Ask TheStreet: So Many ETFs - TheStreet

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I want to invest in sector ETFs. How do I choose between the different options in a given sector? Thanks, Z.V.

The rapid proliferation of new ETFs can be viewed as a good development, as it gives investors more options to choose from.

But it can also make deciding between similar products very challenging. For instance, Morningstar.com lists 24 ETFs that represent some slice of the technology market, 22 natural-resources ETFs, 15 financials ... you get the picture.

There are a lot of products out there, and they're not all created equal.

Before buying an ETF, there are several things to consider, but two of the biggest questions you should ask are what exactly am I buying, and how much am I paying for it.

Consider the first point: While several ETFs may represent the same sector, the indices that they track can vary greatly in terms of which companies are included, number of holdings (which can affect volatility), how the securities are weighted and how long the index has been around (some people aren't comfortable relying on back-tested data).

To better illustrate this point, take a look at some of the financial-sector ETFs.

One option is the

Financial Select Sector SPDR

(XLF) - Get Report

. This ETF tracks the financial stocks that are included in the market-cap-weighted

S&P 500

.

The resulting portfolio includes 87 of the largest U.S. financial stocks. While 87 holdings is nothing to scoff at, that's a lower number than many of its peers. It is also particularly concentrated, with about 50% of its assets in the top 10 holdings.

Another choice is the Vanguard

Financials ETF

(VFH) - Get Report

. This fund tracks the financial stocks in the MSCI U.S. Investable Market 2500 Index.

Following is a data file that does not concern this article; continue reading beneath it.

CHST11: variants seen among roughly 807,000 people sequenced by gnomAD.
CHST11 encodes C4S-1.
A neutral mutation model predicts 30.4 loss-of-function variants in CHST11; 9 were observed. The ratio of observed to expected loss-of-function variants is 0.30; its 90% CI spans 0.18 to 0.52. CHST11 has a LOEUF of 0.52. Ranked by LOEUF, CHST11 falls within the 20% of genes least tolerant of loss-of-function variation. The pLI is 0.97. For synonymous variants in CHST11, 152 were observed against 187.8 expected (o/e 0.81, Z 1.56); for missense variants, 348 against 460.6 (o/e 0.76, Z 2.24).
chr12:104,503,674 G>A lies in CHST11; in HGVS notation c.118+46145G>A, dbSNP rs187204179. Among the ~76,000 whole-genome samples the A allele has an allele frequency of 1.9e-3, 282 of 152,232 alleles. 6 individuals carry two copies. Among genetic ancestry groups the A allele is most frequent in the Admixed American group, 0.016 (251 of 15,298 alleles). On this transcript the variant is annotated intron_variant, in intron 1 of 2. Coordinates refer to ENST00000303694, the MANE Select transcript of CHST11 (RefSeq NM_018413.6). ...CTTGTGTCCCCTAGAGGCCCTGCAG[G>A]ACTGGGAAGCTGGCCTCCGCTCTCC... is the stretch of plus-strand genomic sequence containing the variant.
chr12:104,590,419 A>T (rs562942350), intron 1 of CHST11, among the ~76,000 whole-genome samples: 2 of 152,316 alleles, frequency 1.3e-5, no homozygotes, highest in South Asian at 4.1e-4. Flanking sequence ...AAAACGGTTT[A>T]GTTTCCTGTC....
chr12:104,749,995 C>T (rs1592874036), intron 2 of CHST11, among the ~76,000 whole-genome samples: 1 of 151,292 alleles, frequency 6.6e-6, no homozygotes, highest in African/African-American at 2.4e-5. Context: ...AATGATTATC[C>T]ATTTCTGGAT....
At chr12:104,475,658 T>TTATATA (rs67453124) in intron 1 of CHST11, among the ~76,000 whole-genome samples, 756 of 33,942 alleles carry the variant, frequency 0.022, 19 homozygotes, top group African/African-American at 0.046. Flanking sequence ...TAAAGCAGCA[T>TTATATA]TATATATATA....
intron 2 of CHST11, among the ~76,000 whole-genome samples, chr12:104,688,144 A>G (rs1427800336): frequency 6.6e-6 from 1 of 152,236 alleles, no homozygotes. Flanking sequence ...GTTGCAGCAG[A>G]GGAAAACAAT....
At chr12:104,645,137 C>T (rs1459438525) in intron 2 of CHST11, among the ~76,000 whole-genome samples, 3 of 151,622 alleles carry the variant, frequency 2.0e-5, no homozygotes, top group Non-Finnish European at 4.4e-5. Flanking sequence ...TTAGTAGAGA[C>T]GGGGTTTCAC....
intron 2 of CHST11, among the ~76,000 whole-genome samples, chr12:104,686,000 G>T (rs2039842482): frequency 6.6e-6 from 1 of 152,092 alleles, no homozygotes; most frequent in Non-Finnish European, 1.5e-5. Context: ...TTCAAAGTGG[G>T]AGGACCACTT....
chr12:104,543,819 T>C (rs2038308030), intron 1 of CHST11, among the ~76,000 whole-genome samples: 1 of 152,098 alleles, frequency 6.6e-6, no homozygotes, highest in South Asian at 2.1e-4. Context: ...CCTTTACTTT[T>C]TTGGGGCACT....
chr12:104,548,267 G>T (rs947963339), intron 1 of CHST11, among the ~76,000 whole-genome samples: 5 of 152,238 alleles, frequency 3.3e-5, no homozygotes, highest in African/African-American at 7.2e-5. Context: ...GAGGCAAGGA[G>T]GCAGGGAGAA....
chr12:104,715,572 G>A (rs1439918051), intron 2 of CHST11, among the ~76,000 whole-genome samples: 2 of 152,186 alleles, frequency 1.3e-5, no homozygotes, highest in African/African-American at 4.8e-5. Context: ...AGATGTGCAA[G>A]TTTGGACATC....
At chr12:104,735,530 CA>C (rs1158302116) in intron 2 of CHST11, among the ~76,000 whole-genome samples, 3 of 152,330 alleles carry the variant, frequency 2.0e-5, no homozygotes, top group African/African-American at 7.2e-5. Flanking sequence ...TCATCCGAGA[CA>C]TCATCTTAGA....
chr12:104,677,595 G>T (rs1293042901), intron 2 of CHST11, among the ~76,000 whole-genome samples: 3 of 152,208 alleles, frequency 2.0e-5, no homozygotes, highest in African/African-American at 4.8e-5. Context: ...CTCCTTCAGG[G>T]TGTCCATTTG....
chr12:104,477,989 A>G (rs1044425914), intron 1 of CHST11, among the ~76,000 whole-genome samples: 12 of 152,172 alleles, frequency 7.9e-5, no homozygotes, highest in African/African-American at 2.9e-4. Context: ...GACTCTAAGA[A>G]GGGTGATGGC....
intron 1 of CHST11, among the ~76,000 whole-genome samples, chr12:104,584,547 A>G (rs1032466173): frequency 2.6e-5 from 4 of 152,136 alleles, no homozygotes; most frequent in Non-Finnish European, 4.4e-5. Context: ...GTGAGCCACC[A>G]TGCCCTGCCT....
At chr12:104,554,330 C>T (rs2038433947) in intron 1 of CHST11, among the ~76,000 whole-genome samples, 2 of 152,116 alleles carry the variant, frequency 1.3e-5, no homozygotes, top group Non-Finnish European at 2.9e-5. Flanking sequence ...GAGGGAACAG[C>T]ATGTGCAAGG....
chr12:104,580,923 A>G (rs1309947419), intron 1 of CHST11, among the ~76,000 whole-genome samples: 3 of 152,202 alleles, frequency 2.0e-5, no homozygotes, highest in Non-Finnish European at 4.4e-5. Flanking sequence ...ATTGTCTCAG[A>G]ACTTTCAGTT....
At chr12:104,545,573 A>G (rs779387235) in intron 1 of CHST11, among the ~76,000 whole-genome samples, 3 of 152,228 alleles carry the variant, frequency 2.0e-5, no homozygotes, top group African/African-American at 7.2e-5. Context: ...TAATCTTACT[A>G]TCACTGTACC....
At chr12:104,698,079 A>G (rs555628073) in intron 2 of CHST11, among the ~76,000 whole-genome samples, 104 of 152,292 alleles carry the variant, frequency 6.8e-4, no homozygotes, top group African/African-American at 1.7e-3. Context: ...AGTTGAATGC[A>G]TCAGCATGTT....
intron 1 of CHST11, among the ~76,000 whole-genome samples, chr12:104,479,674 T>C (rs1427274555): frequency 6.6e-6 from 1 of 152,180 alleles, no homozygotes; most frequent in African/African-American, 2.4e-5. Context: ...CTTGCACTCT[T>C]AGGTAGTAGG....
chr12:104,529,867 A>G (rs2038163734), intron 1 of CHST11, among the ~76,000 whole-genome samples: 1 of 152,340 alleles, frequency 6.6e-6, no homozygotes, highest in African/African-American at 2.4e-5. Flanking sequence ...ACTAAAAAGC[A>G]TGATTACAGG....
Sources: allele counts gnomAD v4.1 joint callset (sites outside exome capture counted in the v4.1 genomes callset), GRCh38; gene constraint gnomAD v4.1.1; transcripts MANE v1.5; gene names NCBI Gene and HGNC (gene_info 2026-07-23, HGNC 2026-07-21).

VFH is more diversified than XLF, with a whopping 548 financial stocks included. And unlike XLF, it allocates assets toward micro-, small- and mid-cap stocks, and that diversification can make it less volatile. It is also a bit less concentrated, with roughly 38% of its assets in the top 10 holdings.

Another product with a slightly different spin is the

iShares S&P Global Financials Sector Index Fund

(IXG) - Get Report

, which tracks the S&P Global Financials Sector Index, a subset of the S&P Global 1200 Index.

This ETF follows about 230 stocks, but unlike other financial-sector ETFs, it has a global focus, with almost 60% of its portfolio made up of foreign holdings.

This adds an additional level of diversification to the ETF, which could also decrease volatility. In addition, this fund is less concentrated than both XLF and VFH, with only a quarter of its assets contained in the top 10 holdings.

Several other ETFs are classified as financial-sector products as well, including (but not limited to) the recently launched PowerShares

FTSE RAFI Financials Sector Portfolio

(PRFF)

, the

iShares Dow Jones U.S. Financial Sector

(IYF) - Get Report

and the

streetTRACKS KBW Capital Markets

(KCE) - Get Report

.

Costs, of course, are another important factor to consider.

ETFs that track domestic, market-cap-weighted indices tend to have similar expense ratios. But when you start tracking indices that include international stocks, less-liquid stocks or use different methodologies to select and weight stocks, you're likely to see higher expense ratios.

You may be willing to pay more for an ETF if you believe it will make up for the costs in performance, but once again, you have to really do your homework to make sure you know what you're getting.

Looking at the financial sector again, XLF and VFH are both based on market-cap-weighted indices that primarily track domestic financial stocks. And their expenses are very similar -- 0.24% for XLF and 0.26% for VFH. However, IXG, because it includes a high percentage of international stocks, charges 0.48%.

And some products carry even higher expenses. For instance, the PowerShares FTSE RAFI Financials Sector Portfolio tracks an index that weights financial stocks based on fundamental measures such as sales, cash flow, book value and dividends. Because of this more complex weighting methodology, the fund charges up to 0.60%.

In addition to expense ratios, you should also look at bid-ask spreads (which could be affected by liquidity), because they can add to your costs.

There are many Web sites, such as

Morningstar.com, that provide information and tools that can help you compare different products. But if you can't find what you're looking for there, check out the ETF companies' Web sites, where you should be able to locate the necessary information.